However, it should be noted that this is not a first for Turkey as the country has been aiming to be engaged in the region through various projects and bilateral meetings. For instance, the country has been strengthening its ties with the Association of Southeast Asian Nations (ASEAN). Turkey considers it a key organization in its region, considering its combined economy, dynamic population and strategic location. Turkey applied to become a sectoral dialogue partner for ASEAN in 2015, and its application was accepted on Aug. 5, 2017 during the 50th ASEAN Foreign Ministers Meeting held in the Philippines. Pakistan, Switzerland and Norway are also sectoral dialogue partners of ASEAN. There are also projects like the Belt and Road Initiative (BRI) with China and various trade relations with many other regional countries. Bilateral visits have also increased in recent years. One of the most rece
nt was President Recep Tayyip Erdoğan's visit to China, following his attendance of the G20 summit in Japan. Turkey also hosts many Asian leaders, with the most recent being Malaysian Prime Minister Mahathir Mohamad, who expressed a desire to boost ties further.
TURKEY NEEDS A HOLISTIC
STRATEGY IN ASIA"It is true that Turkey has been interested in Asia for quite some time now. However, the country was in need of a holistic Asia strategy, which handles the region through a road map as a whole. So, this Asia Anew is actually a plan that prepares a frame for Turkey's Asia strategy," Atlı said. In Atlı's opinion, the biggest difference with this initiative is it will provide a holistic approach that enables coordination between different state organizations and their engagement with the region.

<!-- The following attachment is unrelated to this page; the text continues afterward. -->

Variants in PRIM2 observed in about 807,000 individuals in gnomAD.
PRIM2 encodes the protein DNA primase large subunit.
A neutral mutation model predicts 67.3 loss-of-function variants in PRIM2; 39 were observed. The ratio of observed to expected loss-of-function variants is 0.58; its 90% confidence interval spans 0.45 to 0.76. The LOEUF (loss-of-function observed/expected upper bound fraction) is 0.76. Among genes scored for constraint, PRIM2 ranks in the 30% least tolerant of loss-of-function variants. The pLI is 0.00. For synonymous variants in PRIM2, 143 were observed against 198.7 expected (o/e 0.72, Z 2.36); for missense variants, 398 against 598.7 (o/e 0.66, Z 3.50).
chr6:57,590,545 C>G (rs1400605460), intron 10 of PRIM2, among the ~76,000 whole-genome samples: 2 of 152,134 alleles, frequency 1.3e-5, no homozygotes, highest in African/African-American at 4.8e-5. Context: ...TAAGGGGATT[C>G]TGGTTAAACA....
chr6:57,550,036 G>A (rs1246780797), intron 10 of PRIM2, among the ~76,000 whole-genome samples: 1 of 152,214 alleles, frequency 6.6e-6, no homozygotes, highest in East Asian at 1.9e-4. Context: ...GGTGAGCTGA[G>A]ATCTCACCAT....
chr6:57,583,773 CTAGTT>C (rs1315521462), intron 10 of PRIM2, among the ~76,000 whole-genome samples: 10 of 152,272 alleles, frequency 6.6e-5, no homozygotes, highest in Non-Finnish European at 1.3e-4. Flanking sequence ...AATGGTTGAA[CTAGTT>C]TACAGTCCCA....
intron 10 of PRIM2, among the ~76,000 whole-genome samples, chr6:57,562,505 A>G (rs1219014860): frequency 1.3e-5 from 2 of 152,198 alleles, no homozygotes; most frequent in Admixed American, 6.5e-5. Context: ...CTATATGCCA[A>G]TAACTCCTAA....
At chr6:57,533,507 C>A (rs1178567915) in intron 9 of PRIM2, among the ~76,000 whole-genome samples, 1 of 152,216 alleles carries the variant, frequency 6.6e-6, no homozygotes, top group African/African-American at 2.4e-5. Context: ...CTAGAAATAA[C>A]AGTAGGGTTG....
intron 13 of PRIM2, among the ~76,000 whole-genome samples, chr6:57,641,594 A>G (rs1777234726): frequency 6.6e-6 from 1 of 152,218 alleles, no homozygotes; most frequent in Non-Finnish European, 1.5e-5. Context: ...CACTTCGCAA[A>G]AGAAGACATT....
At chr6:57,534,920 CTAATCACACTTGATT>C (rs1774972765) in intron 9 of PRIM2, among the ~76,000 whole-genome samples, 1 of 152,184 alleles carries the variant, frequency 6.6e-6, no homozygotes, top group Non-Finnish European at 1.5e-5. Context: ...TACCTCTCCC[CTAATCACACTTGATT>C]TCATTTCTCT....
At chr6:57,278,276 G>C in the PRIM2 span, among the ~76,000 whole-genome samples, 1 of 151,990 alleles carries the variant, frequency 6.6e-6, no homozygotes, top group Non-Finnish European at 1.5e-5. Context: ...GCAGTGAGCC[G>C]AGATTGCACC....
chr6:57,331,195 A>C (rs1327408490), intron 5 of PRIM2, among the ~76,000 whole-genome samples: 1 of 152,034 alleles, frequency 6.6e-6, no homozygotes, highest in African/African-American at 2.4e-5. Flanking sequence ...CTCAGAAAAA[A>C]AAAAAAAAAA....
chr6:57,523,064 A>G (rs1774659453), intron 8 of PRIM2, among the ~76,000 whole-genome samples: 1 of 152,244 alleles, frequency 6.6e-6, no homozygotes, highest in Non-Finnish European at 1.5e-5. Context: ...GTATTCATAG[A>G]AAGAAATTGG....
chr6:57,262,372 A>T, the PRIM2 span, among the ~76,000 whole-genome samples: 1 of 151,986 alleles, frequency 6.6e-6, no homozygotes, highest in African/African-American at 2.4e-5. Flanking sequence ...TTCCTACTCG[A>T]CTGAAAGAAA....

"Although the initiative is being launched by the Foreign Ministry, it will also include other state institutions, the private sector and universities. It is a fact that when it comes to Asia, other state institutions may often be more active than the Foreign Ministry," he said, giving the example of the BRI with China.
"For instance, when it comes to the Belt and Road Initiative with China, the Ministry of Transformation is actually the one that is the most active or the Ministry of Trade comes to the forefront in general when it comes to relations with Asia," Atlı expressed.
The BRI has two main branches to connect China to Europe, with the first being the Silk Road Economic Belt, which includes countries in Central and South Asia. It starts in Xian and then goes through countries such as K
azakhstan, Iran and Turkey until it reaches Duisburg in Germany. There are other branches, such as the link between China-Mongolia-Russia, the link between China and Pakistan, and the link between China and Bangladesh- Myanmar-India. The second branch is the New Maritime Silk Road connecting China to Europe through ports in Southeast Asia, the Gulf countries and North Africa. It starts in Guangzhou, goes through the Malacca Strait, then through ports in Bangladesh, Sri Lanka, Pakistan until Venice.
"However," Atlı added,
"all these institutions were lacking coordination and thus were not able to provide enough added value. That is to say, through this initiative all these actors will be brought together, and there will be coordination between them."